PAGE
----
From Milton’s “arch-chemic sun so far from us remote” to Taylor’s divine distillation of Sharon’s Rose by the God who “Chymist is,” the language and practices of chemistry are writ large upon the colonial archive of imaginative letters. Not limited to Puritan poetics, chemical discourse also informs key Catholic voices like Sor Juana in her kitchen-side experiments with contrary natures, and her conclusion that “Had Aristotle cooked, he would have written more.” Circulating along the transatlantic networks that connected the metropole to the colonies, chemical knowledge precipitated new ways of conceiving, metaphorically, the spiritual; alternative domains of scientific praxis; and dynamic constructions of embodiment.
This panel seeks papers exploring the interdisciplinary relationship between imaginative and materialist encounters with colonial chemistry. Recent studies in the history of science, such as William R. Newman’s Atoms and Alchemy (2006), have revealed the ways in which alchemical thought and practice helped to establish the experiential orientation and empirical foundations of chemistry, shared by the Bermuda-born George Starkey and John Winthrop, Jr., while scholars of colonial Iberian science like Jorge Cańizares Esguerra (2006) have shown how New Spanish metallurgical technologies of amalgamation transformed early modern mineralogical science. Clearly, colonial geographies and peoples helped to invent an important body of knowledge and vice versa. But how, specifically, did these experiences of chemical knowledge likewise invent a discourse of chemistry capable of describing much more than root theories, elemental behaviors, and macro/microcosmic analogies?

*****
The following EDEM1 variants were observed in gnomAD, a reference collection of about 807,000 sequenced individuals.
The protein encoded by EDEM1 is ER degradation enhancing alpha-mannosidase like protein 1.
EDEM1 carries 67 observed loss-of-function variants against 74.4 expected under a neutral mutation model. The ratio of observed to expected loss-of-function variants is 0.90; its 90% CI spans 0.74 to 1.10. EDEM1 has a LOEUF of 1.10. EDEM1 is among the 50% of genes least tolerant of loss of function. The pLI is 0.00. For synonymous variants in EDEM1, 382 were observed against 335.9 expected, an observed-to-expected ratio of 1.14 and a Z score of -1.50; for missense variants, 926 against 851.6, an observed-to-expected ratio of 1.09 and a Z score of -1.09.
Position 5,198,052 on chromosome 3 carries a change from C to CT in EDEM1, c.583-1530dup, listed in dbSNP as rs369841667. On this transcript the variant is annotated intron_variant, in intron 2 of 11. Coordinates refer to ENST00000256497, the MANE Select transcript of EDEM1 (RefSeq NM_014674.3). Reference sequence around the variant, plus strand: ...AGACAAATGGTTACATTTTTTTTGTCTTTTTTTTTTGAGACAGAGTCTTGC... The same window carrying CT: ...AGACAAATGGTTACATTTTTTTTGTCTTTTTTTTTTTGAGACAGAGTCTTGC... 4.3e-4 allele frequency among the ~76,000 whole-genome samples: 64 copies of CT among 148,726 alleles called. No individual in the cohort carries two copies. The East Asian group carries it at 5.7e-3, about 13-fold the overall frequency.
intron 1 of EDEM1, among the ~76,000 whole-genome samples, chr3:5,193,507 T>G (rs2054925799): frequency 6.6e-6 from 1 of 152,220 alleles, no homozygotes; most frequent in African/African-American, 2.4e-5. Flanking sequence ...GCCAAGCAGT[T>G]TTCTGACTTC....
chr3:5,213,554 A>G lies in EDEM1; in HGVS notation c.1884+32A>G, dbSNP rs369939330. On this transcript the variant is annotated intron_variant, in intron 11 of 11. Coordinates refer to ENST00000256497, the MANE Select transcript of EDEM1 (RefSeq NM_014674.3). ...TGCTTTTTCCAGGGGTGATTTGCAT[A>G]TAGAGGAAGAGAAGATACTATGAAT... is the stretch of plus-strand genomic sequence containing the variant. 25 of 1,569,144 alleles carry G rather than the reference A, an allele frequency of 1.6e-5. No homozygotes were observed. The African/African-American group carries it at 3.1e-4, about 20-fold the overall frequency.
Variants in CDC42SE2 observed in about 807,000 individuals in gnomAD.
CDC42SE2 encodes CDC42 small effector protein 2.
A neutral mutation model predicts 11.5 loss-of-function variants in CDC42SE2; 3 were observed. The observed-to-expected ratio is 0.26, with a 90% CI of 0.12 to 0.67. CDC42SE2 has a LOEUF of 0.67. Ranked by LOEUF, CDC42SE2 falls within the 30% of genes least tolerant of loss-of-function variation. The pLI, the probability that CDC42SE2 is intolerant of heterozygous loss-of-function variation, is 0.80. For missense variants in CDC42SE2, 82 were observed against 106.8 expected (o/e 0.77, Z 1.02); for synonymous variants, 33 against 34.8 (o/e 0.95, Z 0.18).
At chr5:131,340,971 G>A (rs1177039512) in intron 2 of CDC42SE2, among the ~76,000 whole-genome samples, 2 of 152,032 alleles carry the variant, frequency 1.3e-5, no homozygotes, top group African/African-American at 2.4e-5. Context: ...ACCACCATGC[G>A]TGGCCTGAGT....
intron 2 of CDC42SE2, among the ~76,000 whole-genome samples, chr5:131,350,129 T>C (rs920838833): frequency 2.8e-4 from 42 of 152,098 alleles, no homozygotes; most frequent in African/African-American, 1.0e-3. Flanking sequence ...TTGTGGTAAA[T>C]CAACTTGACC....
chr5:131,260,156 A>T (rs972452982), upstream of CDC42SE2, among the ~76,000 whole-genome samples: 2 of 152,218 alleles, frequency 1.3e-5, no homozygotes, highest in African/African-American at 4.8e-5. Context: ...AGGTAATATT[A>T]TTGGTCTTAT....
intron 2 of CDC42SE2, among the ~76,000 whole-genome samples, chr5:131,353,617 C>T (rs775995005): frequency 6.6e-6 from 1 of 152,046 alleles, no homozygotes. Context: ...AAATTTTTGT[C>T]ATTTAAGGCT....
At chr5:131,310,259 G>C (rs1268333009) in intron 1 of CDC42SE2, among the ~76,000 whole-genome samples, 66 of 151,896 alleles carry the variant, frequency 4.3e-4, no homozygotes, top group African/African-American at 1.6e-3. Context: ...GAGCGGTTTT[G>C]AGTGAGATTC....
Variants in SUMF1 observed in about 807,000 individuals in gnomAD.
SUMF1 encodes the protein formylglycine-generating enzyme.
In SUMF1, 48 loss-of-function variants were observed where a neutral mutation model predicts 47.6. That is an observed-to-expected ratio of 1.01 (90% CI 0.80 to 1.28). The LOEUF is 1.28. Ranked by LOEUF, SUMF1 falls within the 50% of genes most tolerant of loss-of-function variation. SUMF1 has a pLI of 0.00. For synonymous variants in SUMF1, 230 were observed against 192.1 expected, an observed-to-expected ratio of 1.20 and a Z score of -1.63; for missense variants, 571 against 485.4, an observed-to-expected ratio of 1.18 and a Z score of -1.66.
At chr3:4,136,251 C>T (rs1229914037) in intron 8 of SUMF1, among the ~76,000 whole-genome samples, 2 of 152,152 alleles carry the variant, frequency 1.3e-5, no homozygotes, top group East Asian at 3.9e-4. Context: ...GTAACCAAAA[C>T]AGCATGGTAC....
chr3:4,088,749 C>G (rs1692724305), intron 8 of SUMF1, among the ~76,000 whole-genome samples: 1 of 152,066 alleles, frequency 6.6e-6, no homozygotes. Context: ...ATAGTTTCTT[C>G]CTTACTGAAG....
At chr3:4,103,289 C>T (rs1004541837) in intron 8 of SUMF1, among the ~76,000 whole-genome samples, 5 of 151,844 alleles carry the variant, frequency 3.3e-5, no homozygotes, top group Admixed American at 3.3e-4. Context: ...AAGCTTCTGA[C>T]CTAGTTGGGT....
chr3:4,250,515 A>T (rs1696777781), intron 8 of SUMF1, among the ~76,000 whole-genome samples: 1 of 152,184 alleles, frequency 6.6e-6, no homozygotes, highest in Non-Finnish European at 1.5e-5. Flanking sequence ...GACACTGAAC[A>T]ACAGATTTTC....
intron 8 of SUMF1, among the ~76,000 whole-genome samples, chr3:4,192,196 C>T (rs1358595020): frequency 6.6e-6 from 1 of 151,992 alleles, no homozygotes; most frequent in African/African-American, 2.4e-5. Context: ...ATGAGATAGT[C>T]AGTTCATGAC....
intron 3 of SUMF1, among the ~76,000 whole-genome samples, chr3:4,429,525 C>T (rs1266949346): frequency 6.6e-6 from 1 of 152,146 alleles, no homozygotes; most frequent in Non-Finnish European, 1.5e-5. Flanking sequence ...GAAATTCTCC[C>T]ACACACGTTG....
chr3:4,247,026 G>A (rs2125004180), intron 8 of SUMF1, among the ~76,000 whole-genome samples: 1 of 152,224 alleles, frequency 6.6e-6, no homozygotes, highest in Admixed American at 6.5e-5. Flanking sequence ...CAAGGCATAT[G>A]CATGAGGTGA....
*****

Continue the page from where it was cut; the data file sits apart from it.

Papers might address the following questions or develop other lines of inquiry: What are the aesthetic effects of these new technologies? How does the language of chemistry inform aesthetic invention? How does chemical science appeal to Puritan and Catholic writers and to transnational communities like Hartlib circle correspondents? What does it mean that imaginative writers and natural practitioners from such different religious and linguistic traditions find themselves at home in the language and imagery of colonial chemistry?
Please send 250-500 word abstracts and a current CV by 12 April, 2012, to Allison Bigelow (firstname.lastname@example.org) and Kelly Bezio (email@example.com).
Kelly L. Bezio
Department of English and Comparative Literature
University of North Carolina at Chapel Hill
Greenlaw Hall CB#3520
Chapel Hill, NC 27601 Email: firstname.lastname@example.org; email@example.com
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